Count to Five Before Voting
Sen. Watson proposes a wait between final budget draft and vote
By Lee Nichols,
10:48AM, Fri. Jan. 7, 2011
The refrain of “greater transparency” is a constant among government-watchers. Austin Sen. Kirk Watson has an idea for how to make this happen at the 82nd Legislature: Force the Senate to stop, take a deep breath, and wait five days before taking its final vote on the budget.
Saying that the state’s current money woes have been caused by previous budgets that were balanced through “debt, diversions, and deception,” Watson announced on Tuesday – a week before the session starts – that he will propose that the Senate be forced to wait five days after the conference committee drafts the final budget before voting on it.
Usually, Watson complained in an e-mail to constituents, “[L]egislators, advocates, the media, and other Texans generally have about 48 hours, if that, to sort through an almost 1,000 page document” before the final vote, which occurs at the hectic end of the session.
“Taking five days – a business week’s worth of budget honesty – would help us all evaluate whether Texas, even in the midst of a tough economy, is maintaining its commitments to schools, health care for seniors, border security, and other moral priorities that will keep Texas economically competitive.”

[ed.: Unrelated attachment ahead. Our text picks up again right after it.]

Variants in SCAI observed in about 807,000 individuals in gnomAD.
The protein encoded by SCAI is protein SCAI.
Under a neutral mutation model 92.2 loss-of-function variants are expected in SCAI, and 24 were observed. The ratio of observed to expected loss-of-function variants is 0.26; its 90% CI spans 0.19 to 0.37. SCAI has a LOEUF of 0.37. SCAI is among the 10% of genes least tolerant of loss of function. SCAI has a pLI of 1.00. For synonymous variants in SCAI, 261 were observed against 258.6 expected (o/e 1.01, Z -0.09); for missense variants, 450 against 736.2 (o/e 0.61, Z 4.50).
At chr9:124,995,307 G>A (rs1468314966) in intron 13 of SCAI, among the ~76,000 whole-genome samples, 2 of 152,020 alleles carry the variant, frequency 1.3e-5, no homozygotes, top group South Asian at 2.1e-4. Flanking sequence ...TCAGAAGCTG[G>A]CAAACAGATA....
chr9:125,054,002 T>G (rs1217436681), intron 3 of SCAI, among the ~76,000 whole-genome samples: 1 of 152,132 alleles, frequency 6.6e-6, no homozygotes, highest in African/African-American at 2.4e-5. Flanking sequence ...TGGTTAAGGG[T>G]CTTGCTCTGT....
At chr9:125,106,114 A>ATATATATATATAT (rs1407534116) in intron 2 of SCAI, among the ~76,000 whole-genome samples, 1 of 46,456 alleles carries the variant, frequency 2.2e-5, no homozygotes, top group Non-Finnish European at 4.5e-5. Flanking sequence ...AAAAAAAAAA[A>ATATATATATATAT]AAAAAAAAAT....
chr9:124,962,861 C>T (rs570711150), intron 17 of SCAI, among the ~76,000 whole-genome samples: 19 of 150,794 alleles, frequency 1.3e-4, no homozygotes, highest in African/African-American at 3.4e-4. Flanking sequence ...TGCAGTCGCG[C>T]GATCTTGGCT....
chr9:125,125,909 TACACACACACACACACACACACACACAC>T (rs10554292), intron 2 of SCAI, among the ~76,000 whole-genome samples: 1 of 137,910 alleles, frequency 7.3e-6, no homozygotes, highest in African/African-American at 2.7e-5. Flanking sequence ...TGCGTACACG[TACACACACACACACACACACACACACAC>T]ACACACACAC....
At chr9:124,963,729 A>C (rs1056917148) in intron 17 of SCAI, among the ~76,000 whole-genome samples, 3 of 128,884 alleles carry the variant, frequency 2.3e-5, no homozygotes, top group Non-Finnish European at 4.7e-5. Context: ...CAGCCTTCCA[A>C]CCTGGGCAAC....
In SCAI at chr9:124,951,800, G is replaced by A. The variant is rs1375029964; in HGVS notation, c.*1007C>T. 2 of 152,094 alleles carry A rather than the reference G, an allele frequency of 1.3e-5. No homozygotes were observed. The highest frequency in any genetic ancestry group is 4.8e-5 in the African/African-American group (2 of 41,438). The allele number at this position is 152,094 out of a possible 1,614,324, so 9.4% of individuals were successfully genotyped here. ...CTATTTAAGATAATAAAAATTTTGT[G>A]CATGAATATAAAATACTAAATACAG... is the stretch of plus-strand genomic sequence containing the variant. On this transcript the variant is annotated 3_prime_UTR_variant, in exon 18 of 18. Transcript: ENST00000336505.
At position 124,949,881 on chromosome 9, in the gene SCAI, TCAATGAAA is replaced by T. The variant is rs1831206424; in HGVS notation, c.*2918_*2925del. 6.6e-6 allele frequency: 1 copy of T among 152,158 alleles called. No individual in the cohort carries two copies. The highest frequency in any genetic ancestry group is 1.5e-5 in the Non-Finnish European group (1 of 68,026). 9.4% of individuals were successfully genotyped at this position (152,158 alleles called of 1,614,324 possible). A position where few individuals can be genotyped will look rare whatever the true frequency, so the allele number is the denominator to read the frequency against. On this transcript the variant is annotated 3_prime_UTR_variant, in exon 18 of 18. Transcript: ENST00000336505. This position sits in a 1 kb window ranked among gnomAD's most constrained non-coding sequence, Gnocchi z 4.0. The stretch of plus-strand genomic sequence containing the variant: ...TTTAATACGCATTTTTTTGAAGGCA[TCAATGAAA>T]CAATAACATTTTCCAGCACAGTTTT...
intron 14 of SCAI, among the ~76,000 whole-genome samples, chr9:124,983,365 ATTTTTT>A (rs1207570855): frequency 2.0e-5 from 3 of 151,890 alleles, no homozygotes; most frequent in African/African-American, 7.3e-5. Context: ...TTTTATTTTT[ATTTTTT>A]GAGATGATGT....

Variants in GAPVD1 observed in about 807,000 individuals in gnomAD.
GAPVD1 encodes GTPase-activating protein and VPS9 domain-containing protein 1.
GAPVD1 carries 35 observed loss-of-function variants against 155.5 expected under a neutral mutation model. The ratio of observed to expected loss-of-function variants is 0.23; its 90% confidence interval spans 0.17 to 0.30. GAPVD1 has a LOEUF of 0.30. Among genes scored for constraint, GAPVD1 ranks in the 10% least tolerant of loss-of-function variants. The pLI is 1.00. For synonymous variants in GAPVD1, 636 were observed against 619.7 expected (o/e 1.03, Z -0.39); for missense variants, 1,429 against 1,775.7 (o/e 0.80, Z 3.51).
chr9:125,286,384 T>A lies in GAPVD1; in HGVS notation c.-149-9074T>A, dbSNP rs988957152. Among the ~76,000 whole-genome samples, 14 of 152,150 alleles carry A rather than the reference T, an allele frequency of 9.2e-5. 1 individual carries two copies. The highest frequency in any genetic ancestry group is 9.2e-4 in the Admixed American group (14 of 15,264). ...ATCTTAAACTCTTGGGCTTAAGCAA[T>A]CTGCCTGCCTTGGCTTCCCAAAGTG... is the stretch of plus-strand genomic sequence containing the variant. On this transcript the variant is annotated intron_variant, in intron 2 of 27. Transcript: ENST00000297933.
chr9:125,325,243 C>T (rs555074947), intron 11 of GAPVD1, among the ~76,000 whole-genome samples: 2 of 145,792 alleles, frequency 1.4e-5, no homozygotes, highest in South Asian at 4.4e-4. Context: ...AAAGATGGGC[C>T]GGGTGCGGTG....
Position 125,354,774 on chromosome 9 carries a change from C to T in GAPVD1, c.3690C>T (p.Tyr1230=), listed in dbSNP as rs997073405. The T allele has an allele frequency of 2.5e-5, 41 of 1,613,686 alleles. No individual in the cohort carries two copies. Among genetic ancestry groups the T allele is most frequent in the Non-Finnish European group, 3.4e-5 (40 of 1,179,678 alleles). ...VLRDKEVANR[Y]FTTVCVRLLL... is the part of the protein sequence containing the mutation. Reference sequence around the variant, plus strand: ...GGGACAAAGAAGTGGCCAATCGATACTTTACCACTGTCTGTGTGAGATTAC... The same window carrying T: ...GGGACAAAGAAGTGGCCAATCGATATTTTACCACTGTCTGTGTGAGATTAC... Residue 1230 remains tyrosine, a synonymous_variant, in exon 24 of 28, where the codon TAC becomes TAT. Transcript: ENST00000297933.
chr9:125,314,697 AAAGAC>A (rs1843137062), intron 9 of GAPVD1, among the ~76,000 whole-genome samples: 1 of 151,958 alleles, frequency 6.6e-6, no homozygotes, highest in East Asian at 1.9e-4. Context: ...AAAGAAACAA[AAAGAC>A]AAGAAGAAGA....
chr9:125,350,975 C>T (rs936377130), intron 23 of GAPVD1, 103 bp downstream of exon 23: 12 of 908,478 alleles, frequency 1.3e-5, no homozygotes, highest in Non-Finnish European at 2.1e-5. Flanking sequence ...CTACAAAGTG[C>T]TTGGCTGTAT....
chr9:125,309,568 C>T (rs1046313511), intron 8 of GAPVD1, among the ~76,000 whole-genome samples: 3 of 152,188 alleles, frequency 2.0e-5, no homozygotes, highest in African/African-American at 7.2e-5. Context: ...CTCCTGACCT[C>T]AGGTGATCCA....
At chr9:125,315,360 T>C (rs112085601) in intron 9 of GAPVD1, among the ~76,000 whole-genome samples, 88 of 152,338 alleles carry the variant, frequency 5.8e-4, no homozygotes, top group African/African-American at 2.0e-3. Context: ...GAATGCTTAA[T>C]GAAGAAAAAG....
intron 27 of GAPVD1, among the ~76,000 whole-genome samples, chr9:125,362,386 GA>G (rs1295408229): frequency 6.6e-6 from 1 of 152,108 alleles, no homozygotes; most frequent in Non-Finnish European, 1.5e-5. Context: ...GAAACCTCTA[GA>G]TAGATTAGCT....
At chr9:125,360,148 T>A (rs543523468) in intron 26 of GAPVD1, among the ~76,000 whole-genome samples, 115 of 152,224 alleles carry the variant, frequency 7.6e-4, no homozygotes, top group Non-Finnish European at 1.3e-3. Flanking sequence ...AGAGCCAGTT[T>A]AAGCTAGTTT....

This morning, Watson issued a press release boasting of support for the wait from both the Texas Public Policy Foundation and the Center for Public Policy Priorities – two think tanks on opposite ends of the ideological spectrum. The release had quotes from both organizations:
“In the spirit of transparency, it would give people more time to look at the budget,” said the conservative TPPF’s Talmadge Heflin, a former legislator who chaired the House Appropriations Committee. “We need to try to get more legislators to know what they’re voting on.”
From the liberal end, Scott McCown, executive director of the CPPP, said: “Having the final version of the budget lay out for five days would give the public time to learn what is, and what is not, in the single most important bill of the session – and ensure that Texans have time to communicate with their legislators before any votes are cast.”